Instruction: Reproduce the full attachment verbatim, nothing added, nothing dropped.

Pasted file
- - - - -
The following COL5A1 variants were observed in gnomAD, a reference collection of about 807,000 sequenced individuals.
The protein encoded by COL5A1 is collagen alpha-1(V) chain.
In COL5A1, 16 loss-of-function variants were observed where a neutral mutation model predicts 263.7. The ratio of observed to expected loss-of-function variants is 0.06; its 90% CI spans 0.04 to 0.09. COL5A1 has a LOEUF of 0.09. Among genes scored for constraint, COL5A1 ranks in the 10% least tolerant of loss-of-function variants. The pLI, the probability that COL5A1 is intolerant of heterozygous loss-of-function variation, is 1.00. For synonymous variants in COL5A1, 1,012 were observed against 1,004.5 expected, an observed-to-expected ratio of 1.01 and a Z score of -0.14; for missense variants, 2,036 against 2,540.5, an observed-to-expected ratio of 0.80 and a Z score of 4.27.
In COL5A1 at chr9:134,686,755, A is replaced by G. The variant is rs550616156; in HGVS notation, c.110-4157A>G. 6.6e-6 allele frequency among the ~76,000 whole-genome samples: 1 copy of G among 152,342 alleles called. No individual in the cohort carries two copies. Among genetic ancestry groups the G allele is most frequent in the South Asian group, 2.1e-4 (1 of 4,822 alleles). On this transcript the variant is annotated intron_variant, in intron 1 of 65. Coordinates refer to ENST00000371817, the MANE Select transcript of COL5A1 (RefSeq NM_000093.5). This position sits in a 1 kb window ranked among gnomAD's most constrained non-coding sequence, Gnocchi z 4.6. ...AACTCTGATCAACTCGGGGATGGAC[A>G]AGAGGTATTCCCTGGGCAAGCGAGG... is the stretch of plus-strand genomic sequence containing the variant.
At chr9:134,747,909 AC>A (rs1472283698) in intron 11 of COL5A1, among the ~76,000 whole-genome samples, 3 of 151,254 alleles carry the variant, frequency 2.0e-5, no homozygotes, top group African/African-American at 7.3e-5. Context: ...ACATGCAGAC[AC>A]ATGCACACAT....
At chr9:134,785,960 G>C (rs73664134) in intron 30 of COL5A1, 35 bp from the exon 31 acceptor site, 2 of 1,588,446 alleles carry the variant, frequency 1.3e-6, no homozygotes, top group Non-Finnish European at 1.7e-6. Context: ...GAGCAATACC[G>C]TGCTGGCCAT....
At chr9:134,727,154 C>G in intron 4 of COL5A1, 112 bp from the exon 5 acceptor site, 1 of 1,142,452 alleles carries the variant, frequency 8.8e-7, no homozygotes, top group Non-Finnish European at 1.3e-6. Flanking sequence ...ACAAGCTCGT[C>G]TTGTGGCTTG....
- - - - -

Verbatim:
The following COL5A1 variants were observed in gnomAD, a reference collection of about 807,000 sequenced individuals.
The protein encoded by COL5A1 is collagen alpha-1(V) chain.
In COL5A1, 16 loss-of-function variants were observed where a neutral mutation model predicts 263.7. The ratio of observed to expected loss-of-function variants is 0.06; its 90% CI spans 0.04 to 0.09. COL5A1 has a LOEUF of 0.09. Among genes scored for constraint, COL5A1 ranks in the 10% least tolerant of loss-of-function variants. The pLI, the probability that COL5A1 is intolerant of heterozygous loss-of-function variation, is 1.00. For synonymous variants in COL5A1, 1,012 were observed against 1,004.5 expected, an observed-to-expected ratio of 1.01 and a Z score of -0.14; for missense variants, 2,036 against 2,540.5, an observed-to-expected ratio of 0.80 and a Z score of 4.27.
In COL5A1 at chr9:134,686,755, A is replaced by G. The variant is rs550616156; in HGVS notation, c.110-4157A>G. 6.6e-6 allele frequency among the ~76,000 whole-genome samples: 1 copy of G among 152,342 alleles called. No individual in the cohort carries two copies. Among genetic ancestry groups the G allele is most frequent in the South Asian group, 2.1e-4 (1 of 4,822 alleles). On this transcript the variant is annotated intron_variant, in intron 1 of 65. Coordinates refer to ENST00000371817, the MANE Select transcript of COL5A1 (RefSeq NM_000093.5). This position sits in a 1 kb window ranked among gnomAD's most constrained non-coding sequence, Gnocchi z 4.6. ...AACTCTGATCAACTCGGGGATGGAC[A>G]AGAGGTATTCCCTGGGCAAGCGAGG... is the stretch of plus-strand genomic sequence containing the variant.
At chr9:134,747,909 AC>A (rs1472283698) in intron 11 of COL5A1, among the ~76,000 whole-genome samples, 3 of 151,254 alleles carry the variant, frequency 2.0e-5, no homozygotes, top group African/African-American at 7.3e-5. Context: ...ACATGCAGAC[AC>A]ATGCACACAT....
At chr9:134,785,960 G>C (rs73664134) in intron 30 of COL5A1, 35 bp from the exon 31 acceptor site, 2 of 1,588,446 alleles carry the variant, frequency 1.3e-6, no homozygotes, top group Non-Finnish European at 1.7e-6. Context: ...GAGCAATACC[G>C]TGCTGGCCAT....
At chr9:134,727,154 C>G in intron 4 of COL5A1, 112 bp from the exon 5 acceptor site, 1 of 1,142,452 alleles carries the variant, frequency 8.8e-7, no homozygotes, top group Non-Finnish European at 1.3e-6. Flanking sequence ...ACAAGCTCGT[C>G]TTGTGGCTTG....